• The APMC Act treats APMC as an arm of the state and the market fee as the tax levied by the state, rather than fee charged for providing services. This provision acts as a major impediment to creating national common market.

Model APMC Act

Ministry of Agriculture developed a Model APMC Act, 2003 for the freedom of farmers to sell their produce. The farmers could sell their produce directly to the contract-sponsors or in the market set up by private individuals, consumers or producers. The Model Act also increases the competitiveness of the market of agricultural produce by allowing common registration of market intermediaries. Many of the States have partially adopted the provisions of model Act and some states such as Karnataka have adopted changes to create greater competition within State. Karnataka Model provides for a single licensing system, offers automated auction and post auction facilities. It also facilitate warehouse-based sale of produce, facilitate commodity funding, prices dissemination by leveraging technology and private sector investment in marketing infrastructure.
However, the Model APMC Act does not go far enough to create a national or even state level common market for agriculture commodities. The Act retains the mandatory requirement of the buyers having to pay APMC charges even when the produce is sold directly outside the APMC area. Though the Model Act provides for setting up of markets by private sector, this is not adequate to create competition even within the state since the owner will have to collect fees/taxes on behalf of the APMC in addition to their own charges.
The Economic Survey emphasizes on the need for a national common agricultural market.
Major problem in agricultural growth has been un-integrated and distortion ridden agricultural market.

What are the possible solutions then ?

The Economic Survey suggests 3 incremental steps as possible solutions, building on the Budget 2014 recognition for setting up a national market, farmers’ markets and need for the Central Government and the State Government to work closely to reorient their respective APMC Act.

Possible solutions

1. It may be possible to get all States to drop fruits and vegetables from APMC schedule of regulated commodities and followed by other commodities.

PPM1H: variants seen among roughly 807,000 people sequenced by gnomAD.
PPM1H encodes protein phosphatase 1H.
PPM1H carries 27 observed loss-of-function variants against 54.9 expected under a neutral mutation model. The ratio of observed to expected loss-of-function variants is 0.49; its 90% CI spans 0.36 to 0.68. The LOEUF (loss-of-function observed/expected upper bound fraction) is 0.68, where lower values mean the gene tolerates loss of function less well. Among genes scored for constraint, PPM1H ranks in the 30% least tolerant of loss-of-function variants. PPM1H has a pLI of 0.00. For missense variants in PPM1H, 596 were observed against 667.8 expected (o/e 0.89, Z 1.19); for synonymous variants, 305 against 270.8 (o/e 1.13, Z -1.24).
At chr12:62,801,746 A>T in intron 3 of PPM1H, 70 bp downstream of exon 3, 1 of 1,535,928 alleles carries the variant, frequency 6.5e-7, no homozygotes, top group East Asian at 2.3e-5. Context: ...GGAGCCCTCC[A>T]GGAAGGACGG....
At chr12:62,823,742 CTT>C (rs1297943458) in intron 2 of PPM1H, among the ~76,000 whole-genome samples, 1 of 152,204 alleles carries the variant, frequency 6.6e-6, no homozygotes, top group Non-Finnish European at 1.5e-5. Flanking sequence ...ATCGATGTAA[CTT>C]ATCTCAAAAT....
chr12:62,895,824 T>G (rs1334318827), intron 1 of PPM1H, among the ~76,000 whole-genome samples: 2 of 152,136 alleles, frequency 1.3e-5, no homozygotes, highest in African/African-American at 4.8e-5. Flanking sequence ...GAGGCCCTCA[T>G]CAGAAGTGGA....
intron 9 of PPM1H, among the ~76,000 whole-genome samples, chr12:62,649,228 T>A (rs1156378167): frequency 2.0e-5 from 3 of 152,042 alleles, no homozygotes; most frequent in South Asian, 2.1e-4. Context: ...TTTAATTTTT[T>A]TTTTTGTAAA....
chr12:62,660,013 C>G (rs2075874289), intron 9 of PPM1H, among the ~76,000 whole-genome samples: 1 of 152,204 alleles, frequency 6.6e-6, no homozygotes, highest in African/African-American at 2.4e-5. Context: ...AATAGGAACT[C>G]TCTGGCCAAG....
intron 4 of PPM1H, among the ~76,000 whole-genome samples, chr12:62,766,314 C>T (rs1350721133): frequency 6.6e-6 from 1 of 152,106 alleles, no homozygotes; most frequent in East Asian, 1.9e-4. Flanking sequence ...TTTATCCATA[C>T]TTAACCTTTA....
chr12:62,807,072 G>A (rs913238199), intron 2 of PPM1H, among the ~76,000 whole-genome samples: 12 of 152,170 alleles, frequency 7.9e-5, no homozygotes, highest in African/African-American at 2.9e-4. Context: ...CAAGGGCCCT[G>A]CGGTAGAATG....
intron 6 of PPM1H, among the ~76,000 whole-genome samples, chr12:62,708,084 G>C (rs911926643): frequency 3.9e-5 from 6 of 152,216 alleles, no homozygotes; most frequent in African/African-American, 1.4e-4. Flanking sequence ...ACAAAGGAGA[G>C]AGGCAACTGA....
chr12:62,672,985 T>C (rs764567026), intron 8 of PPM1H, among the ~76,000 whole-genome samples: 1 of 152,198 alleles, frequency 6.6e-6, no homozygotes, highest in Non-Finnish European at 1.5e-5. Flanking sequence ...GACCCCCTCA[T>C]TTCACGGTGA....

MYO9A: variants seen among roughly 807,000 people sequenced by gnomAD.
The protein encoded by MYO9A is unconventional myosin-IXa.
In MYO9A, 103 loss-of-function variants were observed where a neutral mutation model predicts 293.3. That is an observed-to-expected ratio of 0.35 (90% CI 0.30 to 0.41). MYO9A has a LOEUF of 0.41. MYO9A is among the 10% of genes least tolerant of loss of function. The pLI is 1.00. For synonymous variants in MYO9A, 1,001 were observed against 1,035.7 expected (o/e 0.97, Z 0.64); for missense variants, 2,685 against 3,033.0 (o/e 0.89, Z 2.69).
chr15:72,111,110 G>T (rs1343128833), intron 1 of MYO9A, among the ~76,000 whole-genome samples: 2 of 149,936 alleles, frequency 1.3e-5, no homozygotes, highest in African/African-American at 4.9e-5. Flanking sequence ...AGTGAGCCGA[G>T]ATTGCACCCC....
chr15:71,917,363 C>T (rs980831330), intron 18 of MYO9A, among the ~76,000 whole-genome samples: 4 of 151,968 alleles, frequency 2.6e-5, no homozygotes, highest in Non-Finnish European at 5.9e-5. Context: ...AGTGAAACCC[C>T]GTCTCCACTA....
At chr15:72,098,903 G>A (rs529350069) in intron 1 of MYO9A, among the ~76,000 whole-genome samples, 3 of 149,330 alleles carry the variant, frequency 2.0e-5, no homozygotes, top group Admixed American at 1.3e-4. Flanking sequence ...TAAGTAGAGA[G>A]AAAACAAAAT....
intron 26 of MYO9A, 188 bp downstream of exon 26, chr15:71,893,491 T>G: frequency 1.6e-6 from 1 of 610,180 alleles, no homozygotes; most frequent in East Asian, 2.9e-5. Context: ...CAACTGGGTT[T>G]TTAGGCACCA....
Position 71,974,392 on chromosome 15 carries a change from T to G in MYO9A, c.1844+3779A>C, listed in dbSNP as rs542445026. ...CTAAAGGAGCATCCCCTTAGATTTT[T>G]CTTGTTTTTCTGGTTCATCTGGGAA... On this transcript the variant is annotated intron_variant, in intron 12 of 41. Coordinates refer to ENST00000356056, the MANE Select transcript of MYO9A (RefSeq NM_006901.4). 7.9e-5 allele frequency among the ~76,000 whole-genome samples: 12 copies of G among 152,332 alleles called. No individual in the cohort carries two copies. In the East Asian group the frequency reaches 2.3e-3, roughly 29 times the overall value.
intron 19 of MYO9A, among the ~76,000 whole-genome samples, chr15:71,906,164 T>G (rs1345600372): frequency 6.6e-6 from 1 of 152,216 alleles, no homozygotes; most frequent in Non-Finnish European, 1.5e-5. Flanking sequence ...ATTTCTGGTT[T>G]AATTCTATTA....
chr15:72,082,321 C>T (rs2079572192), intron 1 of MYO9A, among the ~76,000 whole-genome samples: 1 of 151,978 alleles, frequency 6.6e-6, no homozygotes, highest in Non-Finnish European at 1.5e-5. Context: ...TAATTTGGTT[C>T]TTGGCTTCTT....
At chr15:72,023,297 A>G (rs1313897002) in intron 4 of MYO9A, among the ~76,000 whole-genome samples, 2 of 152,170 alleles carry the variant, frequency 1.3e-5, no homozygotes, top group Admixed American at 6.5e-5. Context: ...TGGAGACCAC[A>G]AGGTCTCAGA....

2. State governments should also be specifically persuaded to provide policy support for alternative or special markets in private sector.

3. In view of the difficulties in attracting domestic capital for the setting-up marketing infrastructure, liberalization in FDI in retail could create possibilities for filling in the massive investment and infrastructure deficit in supply chain inefficiencies.

4. Creation of a National Common Market 

• Use Constitutional provisions to create a national common market for agricultural commodities.

– Concurrent List – Entry 33 covers trade and commerce and production, supply and distribution of food stuff including edible oilseeds and oils, raw cotton, raw jute etc.

– Union List – Entry 42 Interstate trade and commerce also allows a role for the Union.



Economic Survey Highlights : – Manufacturing or Services ?

Excerpts from Economic Survey –
In order to bring about expansion and structural transformation, India should utilize its dominant resource of unskilled labour. But, “What should India make?Manufacturing or Services? ”
The Economic Survey distinguishes registered manufacturing ( formal sector) from the general manufacturing which covers informal sector as well.
Advantages of Registered Manufacturing ( Formal Sector )
  • Has the potential for structural transformation.
  • Exhibits high productivity compared to other sectors of the economy.
Issues with Registered manufacturing ?
  • Manufacturing productivity in India lags behind other nations.
  • All Indian states exhibit declining share of manufacturing in the State GDP.